Can you recreate this Indian screen pattern? Can you make up similar patterns of your own?

Follow these instructions to make a five-pointed snowflake from a square of paper.

It's hard to make a snowflake with six perfect lines of symmetry, but it's fun to try!

What is the largest number of circles we can fit into the frame without them overlapping? How do you know? What will happen if you try the other shapes?

Exploring and predicting folding, cutting and punching holes and making spirals.

How many differently shaped rectangles can you build using these equilateral and isosceles triangles? Can you make a square?

Did you know mazes tell stories? Find out more about mazes and make one of your own.

A brief video looking at how you can sometimes use symmetry to distinguish knots. Can you use this idea to investigate the differences between the granny knot and the reef knot?

This practical problem challenges you to create shapes and patterns with two different types of triangle. You could even try overlapping them.

Can you fit the tangram pieces into the outline of Little Fung at the table?

Can you fit the tangram pieces into the outline of this telephone?

Have a go at drawing these stars which use six points drawn around a circle. Perhaps you can create your own designs?

Can you fit the tangram pieces into the outline of Little Ming playing the board game?

Can you fit the tangram pieces into the outline of this brazier for roasting chestnuts?

If you'd like to know more about Primary Maths Masterclasses, this is the package to read! Find out about current groups in your region or how to set up your own.

Follow the diagrams to make this patchwork piece, based on an octagon in a square.

Using different numbers of sticks, how many different triangles are you able to make? Can you make any rules about the numbers of sticks that make the most triangles?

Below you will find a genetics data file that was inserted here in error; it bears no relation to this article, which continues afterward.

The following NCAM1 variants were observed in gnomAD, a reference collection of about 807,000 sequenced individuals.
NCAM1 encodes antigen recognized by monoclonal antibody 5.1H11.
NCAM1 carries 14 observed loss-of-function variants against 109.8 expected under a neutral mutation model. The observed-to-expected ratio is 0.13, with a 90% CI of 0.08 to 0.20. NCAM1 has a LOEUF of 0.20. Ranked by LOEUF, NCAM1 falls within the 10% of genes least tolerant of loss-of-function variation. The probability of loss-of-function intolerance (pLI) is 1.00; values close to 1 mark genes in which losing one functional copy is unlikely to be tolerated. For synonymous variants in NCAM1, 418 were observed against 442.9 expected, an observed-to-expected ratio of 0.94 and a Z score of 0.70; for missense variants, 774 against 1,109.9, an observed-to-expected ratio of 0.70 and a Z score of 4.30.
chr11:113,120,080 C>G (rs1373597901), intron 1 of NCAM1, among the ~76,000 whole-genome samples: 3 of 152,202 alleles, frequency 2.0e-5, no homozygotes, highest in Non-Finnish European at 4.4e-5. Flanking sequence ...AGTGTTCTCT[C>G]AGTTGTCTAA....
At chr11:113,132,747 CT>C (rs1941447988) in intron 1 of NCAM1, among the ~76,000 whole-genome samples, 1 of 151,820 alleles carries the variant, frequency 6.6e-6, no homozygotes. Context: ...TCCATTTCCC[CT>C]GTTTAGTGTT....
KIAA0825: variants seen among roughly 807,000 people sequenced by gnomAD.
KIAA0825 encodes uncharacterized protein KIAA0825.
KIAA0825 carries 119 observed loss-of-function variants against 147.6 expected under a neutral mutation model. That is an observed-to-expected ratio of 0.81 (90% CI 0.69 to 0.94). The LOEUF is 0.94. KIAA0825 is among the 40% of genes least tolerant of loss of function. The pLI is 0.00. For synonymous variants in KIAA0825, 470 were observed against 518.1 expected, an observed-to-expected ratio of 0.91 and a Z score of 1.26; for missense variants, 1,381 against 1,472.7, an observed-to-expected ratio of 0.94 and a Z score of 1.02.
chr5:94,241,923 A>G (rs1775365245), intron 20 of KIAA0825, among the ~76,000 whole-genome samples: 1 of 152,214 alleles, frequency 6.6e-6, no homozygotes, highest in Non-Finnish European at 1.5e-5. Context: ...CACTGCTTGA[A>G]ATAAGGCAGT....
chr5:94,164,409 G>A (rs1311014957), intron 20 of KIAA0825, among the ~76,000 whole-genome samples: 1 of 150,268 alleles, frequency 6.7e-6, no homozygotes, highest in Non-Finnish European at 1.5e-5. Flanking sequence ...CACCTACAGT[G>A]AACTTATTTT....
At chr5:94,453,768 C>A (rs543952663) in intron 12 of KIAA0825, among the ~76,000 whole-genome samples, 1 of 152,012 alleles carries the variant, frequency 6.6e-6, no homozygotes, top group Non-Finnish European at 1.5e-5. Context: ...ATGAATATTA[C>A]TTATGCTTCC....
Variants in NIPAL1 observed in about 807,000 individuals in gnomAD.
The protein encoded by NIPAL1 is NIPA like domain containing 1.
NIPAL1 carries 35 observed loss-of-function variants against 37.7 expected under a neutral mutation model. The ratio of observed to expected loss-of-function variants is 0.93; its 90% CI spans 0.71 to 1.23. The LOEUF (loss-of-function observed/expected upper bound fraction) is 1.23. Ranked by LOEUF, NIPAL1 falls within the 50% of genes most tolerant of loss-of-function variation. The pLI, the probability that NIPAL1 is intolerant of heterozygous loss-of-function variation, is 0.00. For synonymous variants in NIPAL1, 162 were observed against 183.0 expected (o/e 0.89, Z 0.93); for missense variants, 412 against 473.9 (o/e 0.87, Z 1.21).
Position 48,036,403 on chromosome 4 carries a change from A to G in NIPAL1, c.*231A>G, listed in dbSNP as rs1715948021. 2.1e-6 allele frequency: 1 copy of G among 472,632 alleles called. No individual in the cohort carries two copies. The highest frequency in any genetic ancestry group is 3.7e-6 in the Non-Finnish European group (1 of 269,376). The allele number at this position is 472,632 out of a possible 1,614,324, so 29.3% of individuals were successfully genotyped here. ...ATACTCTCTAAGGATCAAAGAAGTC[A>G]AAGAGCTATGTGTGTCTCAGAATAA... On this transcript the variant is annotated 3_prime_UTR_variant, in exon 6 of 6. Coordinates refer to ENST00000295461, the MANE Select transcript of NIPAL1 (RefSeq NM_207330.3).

Can you fit the tangram pieces into the outline of Wai Ping, Wah Ming and Chi Wing?

Can you fit the tangram pieces into the outline of this junk?

Take 5 cubes of one colour and 2 of another colour. How many different ways can you join them if the 5 must touch the table and the 2 must not touch the table?

Can you fit the tangram pieces into the outlines of the lobster, yacht and cyclist?

Can you fit the tangram pieces into the outline of Little Ming and Little Fung dancing?

Can you fit the tangram pieces into the outlines of the workmen?

Can you fit the tangram pieces into the outline of these rabbits?

Can you fit the tangram pieces into the outline of the telescope and microscope?

Can you fit the tangram pieces into the outline of this plaque design?

Can you fit the tangram pieces into the outline of this goat and giraffe?

Can you fit the tangram pieces into the outlines of the candle and sundial?

Can you fit the tangram pieces into the outlines of Mai Ling and Chi Wing?

Can you fit the tangram pieces into the outline of the child walking home from school?

Can you fit the tangram pieces into the outlines of these clocks?

Kaia is sure that her father has worn a particular tie twice a week in at least five of the last ten weeks, but her father disagrees. Who do you think is right?

Can you fit the tangram pieces into the outlines of the chairs?

Can you fit the tangram pieces into the outline of this shape. How would you describe it?

Can you fit the tangram pieces into the outlines of these people?

Can you make the birds from the egg tangram?

How can you make a curve from straight strips of paper?

Make new patterns from simple turning instructions. You can have a go using pencil and paper or with a floor robot.

In this challenge, you will work in a group to investigate circular fences enclosing trees that are planted in square or triangular arrangements.

Here is a chance to create some attractive images by rotating shapes through multiples of 90 degrees, or 30 degrees, or 72 degrees or...

Take a rectangle of paper and fold it in half, and half again, to make four smaller rectangles. How many different ways can you fold it up?

Here is a chance to create some Celtic knots and explore the mathematics behind them.

This is a simple paper-folding activity that gives an intriguing result which you can then investigate further.

Watch the video to see how to fold a square of paper to create a flower. What fraction of the piece of paper is the small triangle?

These practical challenges are all about making a 'tray' and covering it with paper.

Arrange your fences to make the largest rectangular space you can. Try with four fences, then five, then six etc.